Making it safe vs. playing it safe

April 15, 2015

I have been thinking about the difference between “making it safe” and “playing it safe.”

A key practice in helping people and communities engage in crucial conversations is to make it safe for people to stay in dialogue. That means setting some clear ground rules for the conversation. It is paying attention to our word choices so we are not attacking, blaming, and judging. It is listening deeply so that we are seeking to understand the other and their heart as much as we are trying to speak our truth with love.

As an annual conference, we made an investment in an online training program and background check process for local churches that is all about keeping our children, youth, and vulnerable adults safe. It is called Safe Gatherings because that is what we want. Every time we gather, people will know that our commitment is to make that gathering safe. No child will be put in harm’s way. No child will be at risk of inappropriate behavior by the adults who are around. Every child will be seen and treated as a precious child of God.

Risk management is a watchword in our organizations. Our insurance companies expect that we have the appropriate practices, policies, and procedures—and anyone who is part of our community or served by us wants to know that we are upholding our responsibility not only to do good but also to do no harm.

On the other side, we all can recall times and places when we have played it safe. For fear of getting hurt, we have not risked, not put our ideas out there, and not tried the new thing. We have hidden behind the potential liability and said we can’t do that.

Brene Brown, author of Daring Greatly, said we cannot get to courage and imagination without going through vulnerability. And vulnerability rarely feels safe. If we try to play it safe all the time in order to protect our fragile ego, ironically, we never get strong.

Jesus had something to say on this topic. He said if we seek to save our life, we will lose it. But if we lose it for the sake of the kingdom, we will find it.

I find that is a fundamental conversation going on in many of our churches right now. We are feeling vulnerable because of the aging of our people. There are fewer people and fewer children, and we wonder about our future. So we move into protection mode. We can’t spend that endowment. We can’t radically overhaul our ministries. We can’t risk it. We might lose the people we have. We need the money for a rainy day.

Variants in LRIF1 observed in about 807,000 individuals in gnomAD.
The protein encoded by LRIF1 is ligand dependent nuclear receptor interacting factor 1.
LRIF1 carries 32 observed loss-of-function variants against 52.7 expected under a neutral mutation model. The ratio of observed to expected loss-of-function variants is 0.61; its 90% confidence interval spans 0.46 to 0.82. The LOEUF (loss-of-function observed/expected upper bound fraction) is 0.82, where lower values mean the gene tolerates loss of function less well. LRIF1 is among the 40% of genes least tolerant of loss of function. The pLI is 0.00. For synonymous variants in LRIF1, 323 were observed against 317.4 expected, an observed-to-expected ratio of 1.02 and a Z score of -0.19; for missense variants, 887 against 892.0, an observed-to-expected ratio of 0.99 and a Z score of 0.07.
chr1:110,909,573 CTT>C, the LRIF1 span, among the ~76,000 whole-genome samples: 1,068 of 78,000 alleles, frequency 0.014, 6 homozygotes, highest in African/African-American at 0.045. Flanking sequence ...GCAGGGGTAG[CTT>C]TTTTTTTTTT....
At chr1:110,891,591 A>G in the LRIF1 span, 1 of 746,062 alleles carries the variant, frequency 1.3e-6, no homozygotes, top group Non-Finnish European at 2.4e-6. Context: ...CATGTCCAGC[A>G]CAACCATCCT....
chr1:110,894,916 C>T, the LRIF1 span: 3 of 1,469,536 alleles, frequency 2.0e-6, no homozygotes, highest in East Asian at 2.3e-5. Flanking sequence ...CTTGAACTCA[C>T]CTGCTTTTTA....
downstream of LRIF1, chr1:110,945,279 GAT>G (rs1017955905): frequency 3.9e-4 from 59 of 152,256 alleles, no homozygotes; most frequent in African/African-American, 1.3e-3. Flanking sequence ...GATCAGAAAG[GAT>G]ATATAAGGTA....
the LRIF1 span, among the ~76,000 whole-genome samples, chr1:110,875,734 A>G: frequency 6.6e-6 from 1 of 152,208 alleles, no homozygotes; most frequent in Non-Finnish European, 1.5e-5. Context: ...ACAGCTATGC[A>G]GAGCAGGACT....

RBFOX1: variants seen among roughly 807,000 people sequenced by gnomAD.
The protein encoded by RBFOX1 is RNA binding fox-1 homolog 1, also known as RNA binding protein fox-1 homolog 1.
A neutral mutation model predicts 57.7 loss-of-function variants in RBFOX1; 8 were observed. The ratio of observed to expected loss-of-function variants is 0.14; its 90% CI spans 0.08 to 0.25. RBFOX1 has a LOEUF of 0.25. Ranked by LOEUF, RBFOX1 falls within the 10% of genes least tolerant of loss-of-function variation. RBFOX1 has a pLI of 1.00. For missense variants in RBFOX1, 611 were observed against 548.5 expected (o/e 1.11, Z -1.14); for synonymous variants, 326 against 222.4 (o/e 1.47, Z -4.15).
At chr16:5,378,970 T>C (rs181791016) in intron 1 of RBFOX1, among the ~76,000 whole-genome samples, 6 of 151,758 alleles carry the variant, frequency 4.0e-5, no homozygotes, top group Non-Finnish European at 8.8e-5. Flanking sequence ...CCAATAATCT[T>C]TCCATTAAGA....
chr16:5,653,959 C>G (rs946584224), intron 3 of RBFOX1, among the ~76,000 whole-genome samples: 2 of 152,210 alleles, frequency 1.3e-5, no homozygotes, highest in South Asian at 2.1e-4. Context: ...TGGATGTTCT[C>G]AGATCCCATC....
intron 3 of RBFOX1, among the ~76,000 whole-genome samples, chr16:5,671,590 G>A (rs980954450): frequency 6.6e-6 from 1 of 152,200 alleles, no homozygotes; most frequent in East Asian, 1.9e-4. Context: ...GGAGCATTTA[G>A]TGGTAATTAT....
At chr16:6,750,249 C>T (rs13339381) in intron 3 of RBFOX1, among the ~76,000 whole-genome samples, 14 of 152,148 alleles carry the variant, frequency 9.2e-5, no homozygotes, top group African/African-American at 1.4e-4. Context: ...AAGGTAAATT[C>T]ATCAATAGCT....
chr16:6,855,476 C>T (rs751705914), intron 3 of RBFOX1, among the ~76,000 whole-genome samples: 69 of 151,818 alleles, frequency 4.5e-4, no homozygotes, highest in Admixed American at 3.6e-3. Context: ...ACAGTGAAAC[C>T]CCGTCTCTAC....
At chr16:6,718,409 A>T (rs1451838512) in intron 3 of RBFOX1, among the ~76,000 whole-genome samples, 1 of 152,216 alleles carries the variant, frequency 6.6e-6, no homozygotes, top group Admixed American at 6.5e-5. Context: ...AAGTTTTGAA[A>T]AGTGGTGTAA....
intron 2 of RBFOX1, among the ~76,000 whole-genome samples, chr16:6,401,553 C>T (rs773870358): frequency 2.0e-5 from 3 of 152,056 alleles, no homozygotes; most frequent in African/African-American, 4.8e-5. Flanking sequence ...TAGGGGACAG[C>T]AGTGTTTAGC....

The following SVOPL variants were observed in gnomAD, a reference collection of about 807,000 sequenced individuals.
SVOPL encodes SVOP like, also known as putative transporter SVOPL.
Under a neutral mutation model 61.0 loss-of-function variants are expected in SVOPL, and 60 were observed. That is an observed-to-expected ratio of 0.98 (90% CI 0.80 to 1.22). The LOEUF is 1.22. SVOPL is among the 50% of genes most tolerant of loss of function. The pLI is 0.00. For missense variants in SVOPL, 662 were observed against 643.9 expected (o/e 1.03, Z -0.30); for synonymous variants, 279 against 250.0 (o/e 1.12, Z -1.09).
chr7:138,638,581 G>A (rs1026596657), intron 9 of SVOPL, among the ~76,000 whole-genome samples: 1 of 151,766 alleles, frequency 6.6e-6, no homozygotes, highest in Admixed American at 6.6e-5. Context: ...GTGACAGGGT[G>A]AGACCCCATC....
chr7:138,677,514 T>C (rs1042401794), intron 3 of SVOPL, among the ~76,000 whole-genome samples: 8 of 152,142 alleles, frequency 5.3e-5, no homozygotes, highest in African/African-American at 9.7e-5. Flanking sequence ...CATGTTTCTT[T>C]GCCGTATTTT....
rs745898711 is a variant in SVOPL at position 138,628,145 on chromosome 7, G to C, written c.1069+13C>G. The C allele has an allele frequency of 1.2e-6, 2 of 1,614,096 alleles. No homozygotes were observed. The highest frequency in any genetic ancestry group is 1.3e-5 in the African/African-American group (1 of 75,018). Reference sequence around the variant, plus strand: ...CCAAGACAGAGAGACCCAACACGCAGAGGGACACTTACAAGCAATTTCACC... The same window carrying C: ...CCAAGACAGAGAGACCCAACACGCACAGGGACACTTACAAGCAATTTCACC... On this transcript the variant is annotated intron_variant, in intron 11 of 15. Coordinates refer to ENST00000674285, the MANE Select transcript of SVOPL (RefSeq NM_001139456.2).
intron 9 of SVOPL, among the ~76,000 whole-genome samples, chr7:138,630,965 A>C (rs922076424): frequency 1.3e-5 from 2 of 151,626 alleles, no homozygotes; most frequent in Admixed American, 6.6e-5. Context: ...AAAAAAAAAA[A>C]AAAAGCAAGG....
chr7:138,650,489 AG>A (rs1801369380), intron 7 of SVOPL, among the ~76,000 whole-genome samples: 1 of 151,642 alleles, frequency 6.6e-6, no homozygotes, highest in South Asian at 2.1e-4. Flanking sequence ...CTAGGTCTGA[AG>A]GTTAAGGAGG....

We play it safe thinking that will make it safe for our future, but it does not. New people don’t seek us out because there is nothing new about what we are doing. There is little excitement because we don’t perceive God doing a new thing in our midst. We are slowly losing our life because the gospel movement has never been one about playing it safe.

It has always been about stepping out in faith to follow God wherever God leads us, which is usually “out there” to new places, new people, and new ways.

Every significant period of growth in my life came when I pushed myself out of what was comfortable and safe, when I challenged myself beyond what I thought were my limits. Sometimes I failed. Sometimes I wanted to give up because it was hard and exhausting. But I have no regrets. Those are the times I look back on and feel I was most “me” because I was fully engaged, fully leaning into all of life, and therefore most alive.

In Matthew 16:18, Jesus says to Peter: “You are Peter, a rock. This is the rock on which I will put together my church, a church so expansive with energy that not even the gates of hell will be able to keep it out” (MSG).

Do we believe that? Do we stake ourselves on that promise? If we do, we don’t need to worry about playing it safe because this is God’s church, and when we live by anchoring ourselves on the rock, on Jesus, that is what makes it safe for us to go all out in faith. Yes, it feels scary and daring and exhilarating all at the same time, but we never go alone, do we. This is the church of God, so let’s, with God, act like it.

Rev. Cindy Gregorson is director of ministries for the Minnesota Annual Conference of the United Methodist Church.

Minnesota Annual Conference of the United Methodist Church

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